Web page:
Su Shi, also known as Su Dongpo, was one of the most famous scholars in ancient China.

Su Shi was a legendary character. He was a writer, poet, painter, calligrapher, pharmacologist, statesman, and gastronome. Two TV series, a documentary, and a play have been made about him.

His hometown was Meishan in Sichuan.


Su Shi still has a lot of fans today, including this man, who went to all the trouble of recreating 石头宴–the Stone Banquet.

Each of the dishes is a collection of food-shaped stones.

Pork ribs, deep-fried meatballs, pork belly, plums, cherries. . .

He also has other stones, shaped like maps, calligraphy characters, et cetera.

Like a true Sichuanese, Su Shi was an innate optimist. He was really one of those people who, when given lemons, would make lemonade, lemon pie, lemon chicken, and so much more. When he was banished, he didn’t waste time wallowing in self-pity. Instead, as a foodie, he devoted his time to improving and inventing new dishes.

Dongpo pork sausage. Spicy and salty.

Dongpo bamboo shoots. Tender, fresh and savoury.

And the most famous one–Dongpo pork. Fatty but not greasy.

A big piece of pork belly, equal portions of fat and lean meat. Pan-fried, then braised.

Su Shi wasn’t the only poet with a dish named after him.

About three hundred years before him, Li Bai, the Immortal Poet, came to Sichuan with his family. Li Bai wasn’t born in Sichuan. But he lived here for two decades.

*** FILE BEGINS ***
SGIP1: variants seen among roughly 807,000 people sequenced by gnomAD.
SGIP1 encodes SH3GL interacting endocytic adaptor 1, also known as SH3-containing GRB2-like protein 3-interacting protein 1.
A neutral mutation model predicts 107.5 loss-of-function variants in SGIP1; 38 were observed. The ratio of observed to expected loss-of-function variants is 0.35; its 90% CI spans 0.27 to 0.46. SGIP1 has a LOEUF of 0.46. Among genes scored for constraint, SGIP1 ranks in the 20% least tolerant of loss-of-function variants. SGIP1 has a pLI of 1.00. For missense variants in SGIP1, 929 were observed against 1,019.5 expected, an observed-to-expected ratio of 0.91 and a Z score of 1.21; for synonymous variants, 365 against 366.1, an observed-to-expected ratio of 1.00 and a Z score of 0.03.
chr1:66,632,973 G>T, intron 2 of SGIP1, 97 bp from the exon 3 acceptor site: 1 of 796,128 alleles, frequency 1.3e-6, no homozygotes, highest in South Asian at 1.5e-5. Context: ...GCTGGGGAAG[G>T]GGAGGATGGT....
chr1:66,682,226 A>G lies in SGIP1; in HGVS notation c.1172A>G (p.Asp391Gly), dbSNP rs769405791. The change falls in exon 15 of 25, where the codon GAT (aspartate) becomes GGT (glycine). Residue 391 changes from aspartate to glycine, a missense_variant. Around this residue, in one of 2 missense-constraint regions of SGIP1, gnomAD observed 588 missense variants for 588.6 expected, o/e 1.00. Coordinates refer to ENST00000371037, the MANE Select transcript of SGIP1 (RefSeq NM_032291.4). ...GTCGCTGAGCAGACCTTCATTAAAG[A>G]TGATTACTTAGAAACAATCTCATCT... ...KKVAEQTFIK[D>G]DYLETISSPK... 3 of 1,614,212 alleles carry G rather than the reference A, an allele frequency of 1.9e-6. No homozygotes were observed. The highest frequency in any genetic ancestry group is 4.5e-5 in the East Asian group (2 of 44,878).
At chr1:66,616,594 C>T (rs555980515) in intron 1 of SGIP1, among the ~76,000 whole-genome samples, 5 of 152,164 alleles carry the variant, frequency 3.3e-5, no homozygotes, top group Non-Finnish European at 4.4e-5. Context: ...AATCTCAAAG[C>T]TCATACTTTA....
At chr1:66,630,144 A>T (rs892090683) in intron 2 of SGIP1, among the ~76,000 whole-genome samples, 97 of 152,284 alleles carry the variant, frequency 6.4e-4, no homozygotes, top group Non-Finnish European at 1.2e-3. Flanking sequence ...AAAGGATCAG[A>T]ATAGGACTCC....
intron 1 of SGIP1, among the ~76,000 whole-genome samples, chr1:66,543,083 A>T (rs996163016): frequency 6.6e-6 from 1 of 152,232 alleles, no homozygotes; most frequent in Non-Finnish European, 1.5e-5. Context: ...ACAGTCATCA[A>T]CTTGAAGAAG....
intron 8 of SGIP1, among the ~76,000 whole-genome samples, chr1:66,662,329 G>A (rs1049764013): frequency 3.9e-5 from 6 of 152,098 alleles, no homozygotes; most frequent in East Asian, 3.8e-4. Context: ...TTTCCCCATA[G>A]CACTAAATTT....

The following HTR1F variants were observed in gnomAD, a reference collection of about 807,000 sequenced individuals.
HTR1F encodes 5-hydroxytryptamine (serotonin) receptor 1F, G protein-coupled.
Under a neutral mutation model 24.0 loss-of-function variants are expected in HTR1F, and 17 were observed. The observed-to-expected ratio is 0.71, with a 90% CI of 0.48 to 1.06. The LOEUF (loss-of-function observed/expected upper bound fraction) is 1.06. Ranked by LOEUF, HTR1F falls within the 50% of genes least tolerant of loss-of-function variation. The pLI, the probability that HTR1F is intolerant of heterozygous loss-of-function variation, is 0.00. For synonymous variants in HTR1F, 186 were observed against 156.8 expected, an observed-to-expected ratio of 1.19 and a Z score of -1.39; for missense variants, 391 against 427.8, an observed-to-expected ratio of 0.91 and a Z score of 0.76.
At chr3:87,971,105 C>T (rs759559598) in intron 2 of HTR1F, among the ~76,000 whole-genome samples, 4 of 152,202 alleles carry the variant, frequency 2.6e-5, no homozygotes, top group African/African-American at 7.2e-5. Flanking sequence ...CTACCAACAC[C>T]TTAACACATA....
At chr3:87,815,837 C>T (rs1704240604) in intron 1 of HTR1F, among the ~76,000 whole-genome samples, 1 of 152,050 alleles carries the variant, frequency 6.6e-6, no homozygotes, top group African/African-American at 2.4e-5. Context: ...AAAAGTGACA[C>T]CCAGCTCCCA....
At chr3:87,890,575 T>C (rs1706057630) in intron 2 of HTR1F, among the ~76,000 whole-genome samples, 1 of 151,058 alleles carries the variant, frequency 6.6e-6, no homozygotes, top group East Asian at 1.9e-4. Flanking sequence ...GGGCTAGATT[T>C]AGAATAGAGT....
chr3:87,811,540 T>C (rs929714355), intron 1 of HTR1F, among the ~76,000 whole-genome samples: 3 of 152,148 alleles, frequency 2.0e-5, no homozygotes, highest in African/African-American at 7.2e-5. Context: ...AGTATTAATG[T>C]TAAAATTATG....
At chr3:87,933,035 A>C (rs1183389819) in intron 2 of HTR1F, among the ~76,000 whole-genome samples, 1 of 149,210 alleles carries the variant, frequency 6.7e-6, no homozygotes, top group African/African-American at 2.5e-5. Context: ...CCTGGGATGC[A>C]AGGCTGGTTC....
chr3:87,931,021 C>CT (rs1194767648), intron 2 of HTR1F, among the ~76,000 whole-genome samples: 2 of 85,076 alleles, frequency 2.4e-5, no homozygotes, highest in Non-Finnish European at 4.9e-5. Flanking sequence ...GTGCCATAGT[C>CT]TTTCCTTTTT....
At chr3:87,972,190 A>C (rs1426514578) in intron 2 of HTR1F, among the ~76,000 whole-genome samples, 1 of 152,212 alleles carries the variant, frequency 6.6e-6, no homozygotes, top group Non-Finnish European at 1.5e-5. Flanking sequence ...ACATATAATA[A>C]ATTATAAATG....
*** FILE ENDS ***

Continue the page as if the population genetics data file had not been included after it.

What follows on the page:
One of his favourite dishes was marinated duck.

Ducks can be stir-fried,

Or smoked.

One of the most famous duck dishes is Zhangcha duck—樟茶鸭

The leaves used in smoking the duck come from the camphor tree in Sichuan.

The drakes, or male ducks, are marinated in diluted saltwater for eight hours, then smoked for two hours.

When Li Bai went to serve under Emperor Xuanzong, he decided to share his favourite food.

He added rice wine, wolfberries, and Chinese ginseng to the duck, then sealed the bowl with a wetted piece of paper and put it in a steamer.

Emperor Xuanzong liked the dish so much that he named it after Li Bai.

Understandably, living in Sichuan has become a stressful situation for pigs and ducks alike.

Some of them tried (unsuccessfully) to make a run for it.

Some tried to blend in with protected species, like flamingos.

While some have simply given up on life.

Image source

Leave a Reply

Fill in your details below or click an icon to log in: Logo

You are commenting using your account. Log Out /  Change )

Google photo

You are commenting using your Google account. Log Out /  Change )

Twitter picture

You are commenting using your Twitter account. Log Out /  Change )

Facebook photo

You are commenting using your Facebook account. Log Out /  Change )

Connecting to %s

About fmiswriting

One out of 1.4 billion voices.

Latest Posts By fmiswriting


Food, Posts